Back here in sweet home Ala-bammy, Gov. Kay Ivey has essentially followed the same path as the Legislature, announcing her office will not be doing anything anytime soon as well, as she has formed a “committee” to study the issue. She wants the committee’s report back by April 30, which is after this session of the Legislature ends. So unless they call a special session, nothing will be done until next year.

You gotta love committees. You look like you are doing something but you are really doing nothing. There are many famous quotes on why committees are completely ineffective — most of the time, that ineffectiveness and inactivity is by design — but my two favorites are “a committee is a group of people who individually can do nothing, but who, as a group, can meet and decide that nothing can be done.” Or as crazy Ross Perot once wisely said, “If you see a snake, just kill it, don’t appoint a committee on snakes.”

Hey, can you blame her or the rest of her worthless cohorts on Goat Hill? It’s an election year. We can’t expect them to be worried about the safety of our children when there are fundraisers to be held and lobbyists to be placated.

To their credit, Baldwin County officials decided not to wait on the folks in Montgomery or D.C. and took matters into their own hands. Last week, Superintendent Eddie Tyler unveiled an enhanced school safety plan for its 46 campuses in response to the Parkland shooting. This plan includes heightening security at all of the entrances and exits of the schools and making sure each campus has its own armed law enforcement officer trained to be a school resource officer. Since, by state law, school employees can’t be armed, these officers would be compensated through their departments. Baldwin County Sheriff Hoss Mack and several of the county’s mayors all expressed support for this plan.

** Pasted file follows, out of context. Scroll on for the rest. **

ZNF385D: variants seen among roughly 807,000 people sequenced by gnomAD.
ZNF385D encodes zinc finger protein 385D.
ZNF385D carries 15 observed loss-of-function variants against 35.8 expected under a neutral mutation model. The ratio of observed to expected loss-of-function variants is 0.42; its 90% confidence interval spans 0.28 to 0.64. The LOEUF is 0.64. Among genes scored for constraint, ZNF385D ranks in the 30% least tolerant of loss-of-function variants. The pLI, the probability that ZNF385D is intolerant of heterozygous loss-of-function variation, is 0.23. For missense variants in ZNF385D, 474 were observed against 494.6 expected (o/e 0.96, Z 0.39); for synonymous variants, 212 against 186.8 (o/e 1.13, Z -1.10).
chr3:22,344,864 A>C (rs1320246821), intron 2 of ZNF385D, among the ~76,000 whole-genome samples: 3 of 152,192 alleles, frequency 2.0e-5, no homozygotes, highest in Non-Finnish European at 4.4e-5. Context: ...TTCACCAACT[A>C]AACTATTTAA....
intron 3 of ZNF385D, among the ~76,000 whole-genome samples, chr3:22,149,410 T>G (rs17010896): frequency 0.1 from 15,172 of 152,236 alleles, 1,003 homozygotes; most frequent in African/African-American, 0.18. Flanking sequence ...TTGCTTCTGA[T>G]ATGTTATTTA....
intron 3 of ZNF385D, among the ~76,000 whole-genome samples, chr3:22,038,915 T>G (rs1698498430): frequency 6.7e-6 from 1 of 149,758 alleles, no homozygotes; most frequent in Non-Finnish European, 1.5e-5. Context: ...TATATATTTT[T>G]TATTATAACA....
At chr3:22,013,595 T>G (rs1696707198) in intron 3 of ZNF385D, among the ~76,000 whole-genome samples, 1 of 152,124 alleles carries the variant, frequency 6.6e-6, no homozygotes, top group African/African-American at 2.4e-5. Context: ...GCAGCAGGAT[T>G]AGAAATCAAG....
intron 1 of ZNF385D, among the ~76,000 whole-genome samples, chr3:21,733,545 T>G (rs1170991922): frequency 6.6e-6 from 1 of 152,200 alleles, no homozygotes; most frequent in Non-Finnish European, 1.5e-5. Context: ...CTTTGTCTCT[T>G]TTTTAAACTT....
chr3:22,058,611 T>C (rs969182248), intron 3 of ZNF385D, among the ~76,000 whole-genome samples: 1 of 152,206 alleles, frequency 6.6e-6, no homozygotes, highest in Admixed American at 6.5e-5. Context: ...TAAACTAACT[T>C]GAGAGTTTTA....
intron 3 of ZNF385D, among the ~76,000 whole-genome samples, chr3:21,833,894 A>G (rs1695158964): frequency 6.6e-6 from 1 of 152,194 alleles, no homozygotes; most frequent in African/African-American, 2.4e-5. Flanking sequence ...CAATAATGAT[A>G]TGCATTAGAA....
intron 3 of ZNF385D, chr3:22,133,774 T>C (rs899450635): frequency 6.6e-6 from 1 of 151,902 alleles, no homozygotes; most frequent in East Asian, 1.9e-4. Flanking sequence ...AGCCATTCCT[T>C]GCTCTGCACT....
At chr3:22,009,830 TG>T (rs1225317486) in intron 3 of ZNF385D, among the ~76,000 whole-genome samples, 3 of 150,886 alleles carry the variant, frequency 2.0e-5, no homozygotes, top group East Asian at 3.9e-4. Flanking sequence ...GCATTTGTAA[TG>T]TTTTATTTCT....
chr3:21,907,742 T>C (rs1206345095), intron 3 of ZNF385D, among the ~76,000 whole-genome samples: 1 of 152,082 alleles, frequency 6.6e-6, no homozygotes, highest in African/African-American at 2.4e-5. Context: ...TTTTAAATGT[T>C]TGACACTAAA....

In response to the shooting, Mobile County Public School System Superintendent Martha Peek pointed to the school safety plans already in place and the regular drills they conduct to make sure all of the teachers and students are prepared. Peek, along with the director of MCPSS security Andy Gatewood, expressed support for changing the law to arm school resource officers, though they didn’t say MCPSS was actively lobbying for such a change. And they did not express any plan to put more armed law enforcement officers on campus as Tyler said the Baldwin County system would.

Compared to Baldwin’s response, Mobile’s seems pretty tepid at this point. They already had “school safety plans” and drills in place at Stoneman Douglas, too. Is that really the best we have, MCPSS? I know it’s a complicated issue, but can we see just a tiny bit more urgency here?

I hope so. These are our babies. Do something more!

I guess, in the meantime, we’ll just keep our fingers crossed, as that’s about all we can do.